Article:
Intro to “The Warped Mirror”

Two things drive me nuts. Okay, there are a lot more than two, however these two are high on my list. The first is assuming certainty and the second is false piety.

The first is assuming that we can be more certain of things than we ought to be. Not that a sense of certainty is bad. For instance, I am certain that if I hold my laptop in the air and let go of it, that it will fall. I am also fairly certain that it wouldn’t work right afterwards, but who knows, maybe it will. I am less certain of the wisdom of trying that. If I was demonstrating a new ultra rugged laptop as part of a sales presentation, dropping the laptop might be precisely what I need to do. On the other hand, if I were freaking out over a spider running across my foot…hang on to the laptop. Better yet, leave it on the table. Ironically, even my certainty that letting go of the laptop would result in it accelerating rapidly towards the floor is it in itself, contextual. If by some weird chance I were spending the afternoon on the International Space Station, my laptop would merely float around the room…at least I think I am certain about that.

The second is the phony mask of super human perfection. It is another one of those “are you kidding me” character traits that entangles my feet like roots and vines in the rain forest, presenting me with plenty of opportunity to test the certainty of gravity.

One of my favourite verses in the bible says something like, “whoever says they don’t sin is a liar.” Friends (and those who are questioning whether or not they want to be my friend) we are human. Yes, we are fallible, messed up, confused, perplexed, perfrumped humans. True, I sort of made up the word perfrumped but I am almost certain that Mel Brooks used it once in a movie script. The sooner we realize how messed up we are, the sooner we can get on with life and maybe — I am sort of certain — we can offer each other the grace and mercy we all need. It seems to me that you can’t truly love someone for who they are if you are in denial of who you really are.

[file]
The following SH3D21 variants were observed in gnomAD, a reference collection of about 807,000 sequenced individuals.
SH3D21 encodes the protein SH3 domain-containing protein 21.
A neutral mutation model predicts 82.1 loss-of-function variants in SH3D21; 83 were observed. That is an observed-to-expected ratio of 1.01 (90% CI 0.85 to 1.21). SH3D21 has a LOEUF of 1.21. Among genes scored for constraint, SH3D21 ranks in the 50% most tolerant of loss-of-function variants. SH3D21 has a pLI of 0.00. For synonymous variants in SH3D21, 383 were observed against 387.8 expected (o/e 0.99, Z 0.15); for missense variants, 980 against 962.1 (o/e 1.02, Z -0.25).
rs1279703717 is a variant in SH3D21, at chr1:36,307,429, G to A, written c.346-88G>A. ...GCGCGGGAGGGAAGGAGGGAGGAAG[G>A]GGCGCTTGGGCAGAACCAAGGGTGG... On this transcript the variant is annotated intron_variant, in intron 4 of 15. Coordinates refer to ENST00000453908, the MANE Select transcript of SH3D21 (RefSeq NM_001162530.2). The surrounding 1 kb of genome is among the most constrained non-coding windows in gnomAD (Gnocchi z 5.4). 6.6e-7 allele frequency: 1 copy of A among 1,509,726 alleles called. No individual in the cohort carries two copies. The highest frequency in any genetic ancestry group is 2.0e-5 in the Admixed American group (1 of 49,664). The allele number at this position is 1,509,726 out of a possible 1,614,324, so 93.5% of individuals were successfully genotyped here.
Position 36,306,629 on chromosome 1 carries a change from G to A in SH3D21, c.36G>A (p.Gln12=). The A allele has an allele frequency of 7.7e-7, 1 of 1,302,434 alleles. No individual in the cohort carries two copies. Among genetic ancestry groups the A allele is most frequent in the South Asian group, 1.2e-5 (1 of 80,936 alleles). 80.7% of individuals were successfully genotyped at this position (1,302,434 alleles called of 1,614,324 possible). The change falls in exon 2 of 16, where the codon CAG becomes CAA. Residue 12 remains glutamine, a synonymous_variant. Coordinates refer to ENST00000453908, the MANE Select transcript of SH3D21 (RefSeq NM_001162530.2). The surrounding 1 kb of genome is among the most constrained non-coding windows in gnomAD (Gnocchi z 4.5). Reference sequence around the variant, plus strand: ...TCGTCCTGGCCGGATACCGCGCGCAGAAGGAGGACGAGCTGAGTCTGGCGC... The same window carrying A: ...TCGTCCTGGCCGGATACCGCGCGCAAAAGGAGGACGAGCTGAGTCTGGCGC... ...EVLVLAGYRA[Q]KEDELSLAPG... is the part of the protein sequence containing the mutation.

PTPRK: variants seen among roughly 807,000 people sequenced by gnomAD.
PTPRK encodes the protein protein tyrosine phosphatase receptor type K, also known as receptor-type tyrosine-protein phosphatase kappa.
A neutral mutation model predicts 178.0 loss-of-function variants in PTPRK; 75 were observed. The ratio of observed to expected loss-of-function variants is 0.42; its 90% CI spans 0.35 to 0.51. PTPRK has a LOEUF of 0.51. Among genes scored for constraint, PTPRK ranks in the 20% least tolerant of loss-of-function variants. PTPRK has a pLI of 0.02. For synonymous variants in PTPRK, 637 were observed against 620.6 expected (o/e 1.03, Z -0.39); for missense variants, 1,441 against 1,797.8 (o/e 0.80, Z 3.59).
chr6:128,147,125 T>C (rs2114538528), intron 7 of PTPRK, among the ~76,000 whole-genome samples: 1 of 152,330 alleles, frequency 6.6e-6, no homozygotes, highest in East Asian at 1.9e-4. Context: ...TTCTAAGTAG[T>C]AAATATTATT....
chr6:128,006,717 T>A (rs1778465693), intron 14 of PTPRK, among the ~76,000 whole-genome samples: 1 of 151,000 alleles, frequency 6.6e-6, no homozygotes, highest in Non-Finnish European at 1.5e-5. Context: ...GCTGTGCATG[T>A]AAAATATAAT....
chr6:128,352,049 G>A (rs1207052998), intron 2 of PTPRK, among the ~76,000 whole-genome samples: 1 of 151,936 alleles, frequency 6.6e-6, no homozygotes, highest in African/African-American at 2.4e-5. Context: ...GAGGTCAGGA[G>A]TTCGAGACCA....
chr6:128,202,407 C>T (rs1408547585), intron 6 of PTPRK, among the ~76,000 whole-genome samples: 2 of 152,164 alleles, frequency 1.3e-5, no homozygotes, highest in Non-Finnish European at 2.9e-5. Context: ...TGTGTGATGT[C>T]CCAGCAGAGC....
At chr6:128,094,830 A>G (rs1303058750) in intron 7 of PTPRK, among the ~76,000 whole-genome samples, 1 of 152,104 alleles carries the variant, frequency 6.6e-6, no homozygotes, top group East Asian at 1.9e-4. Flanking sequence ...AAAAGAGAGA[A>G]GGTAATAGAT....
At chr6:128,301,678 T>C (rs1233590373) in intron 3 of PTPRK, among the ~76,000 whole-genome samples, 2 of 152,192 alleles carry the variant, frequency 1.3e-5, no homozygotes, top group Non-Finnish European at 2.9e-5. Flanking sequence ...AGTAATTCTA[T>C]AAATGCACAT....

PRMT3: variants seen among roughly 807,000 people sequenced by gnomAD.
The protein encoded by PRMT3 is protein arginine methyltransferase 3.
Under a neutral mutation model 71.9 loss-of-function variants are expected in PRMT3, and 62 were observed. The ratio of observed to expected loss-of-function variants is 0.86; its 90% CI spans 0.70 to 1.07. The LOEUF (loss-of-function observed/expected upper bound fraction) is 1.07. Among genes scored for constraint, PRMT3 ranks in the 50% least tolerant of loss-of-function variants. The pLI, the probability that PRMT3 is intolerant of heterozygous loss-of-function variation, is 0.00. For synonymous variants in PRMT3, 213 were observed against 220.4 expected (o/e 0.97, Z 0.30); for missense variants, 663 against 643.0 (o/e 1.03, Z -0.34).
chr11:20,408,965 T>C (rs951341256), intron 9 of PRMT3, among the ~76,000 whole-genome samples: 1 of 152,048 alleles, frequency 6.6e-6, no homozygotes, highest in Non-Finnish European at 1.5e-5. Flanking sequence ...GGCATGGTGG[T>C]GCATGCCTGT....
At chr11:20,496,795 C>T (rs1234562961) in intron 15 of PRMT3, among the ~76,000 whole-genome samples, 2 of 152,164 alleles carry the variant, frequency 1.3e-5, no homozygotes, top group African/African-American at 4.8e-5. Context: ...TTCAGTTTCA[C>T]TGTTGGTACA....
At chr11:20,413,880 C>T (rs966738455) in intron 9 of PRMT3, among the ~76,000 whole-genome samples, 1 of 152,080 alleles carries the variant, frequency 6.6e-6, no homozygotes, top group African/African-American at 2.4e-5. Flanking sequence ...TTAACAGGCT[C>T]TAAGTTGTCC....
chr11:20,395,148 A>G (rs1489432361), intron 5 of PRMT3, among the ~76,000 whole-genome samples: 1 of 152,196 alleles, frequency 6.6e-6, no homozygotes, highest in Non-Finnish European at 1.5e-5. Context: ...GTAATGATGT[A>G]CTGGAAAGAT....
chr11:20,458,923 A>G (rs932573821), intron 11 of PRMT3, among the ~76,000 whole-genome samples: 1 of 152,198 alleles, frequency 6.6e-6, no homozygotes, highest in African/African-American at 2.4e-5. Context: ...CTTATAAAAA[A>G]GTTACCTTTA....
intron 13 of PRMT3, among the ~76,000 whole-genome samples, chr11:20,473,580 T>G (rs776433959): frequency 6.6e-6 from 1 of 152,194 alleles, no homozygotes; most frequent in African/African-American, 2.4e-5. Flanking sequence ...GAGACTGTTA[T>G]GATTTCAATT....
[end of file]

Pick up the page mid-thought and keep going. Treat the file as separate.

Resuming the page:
The problem as I see it, is that when we look in the mirror we want to see a Photoshopped image of ourselves. We are quite capable of doing just that, gullible people we are. For that matter there is a lot of self-help gurus who tell us to imagine the perfect us, the intergalactic hero out to save the universe from mediocrity. O what an awesome me that only I see!

I have a better idea, take a look at yourself in a warped mirror. You know, one of those ones that make you look fifty pounds overweight with a nose your friends can use as an umbrella. There are two wonderful benefits of seeing yourself that way. The first is that you will be pleasantly relieved to find out you aren’t all that bad and two, it will shatter that super hero image you have of yourself thereby allowing you realize that you aren’t half as good as the image you try to project. It’s called getting real.

For what it’s worth, I have a warped mirror in my art studio. I use it help see imperfections in my paintings. That might seem counter intuitive because surely it doesn’t reflect what is really there. Believe it or not, that is exactly why I like it. It shocks the system so that I look at the painting differently, so that what I see is what is, not what I think it is. We need to do the same thing for ourselves once in a while. We need to take a long hard look in a warped mirror to shock us into seeing who we really are in all our internal messiness, to see our own uncertainty and questions. Then and only then, can we truly confess our wayward ways and move toward being who we want to be.

Welcome to The Warped Mirror.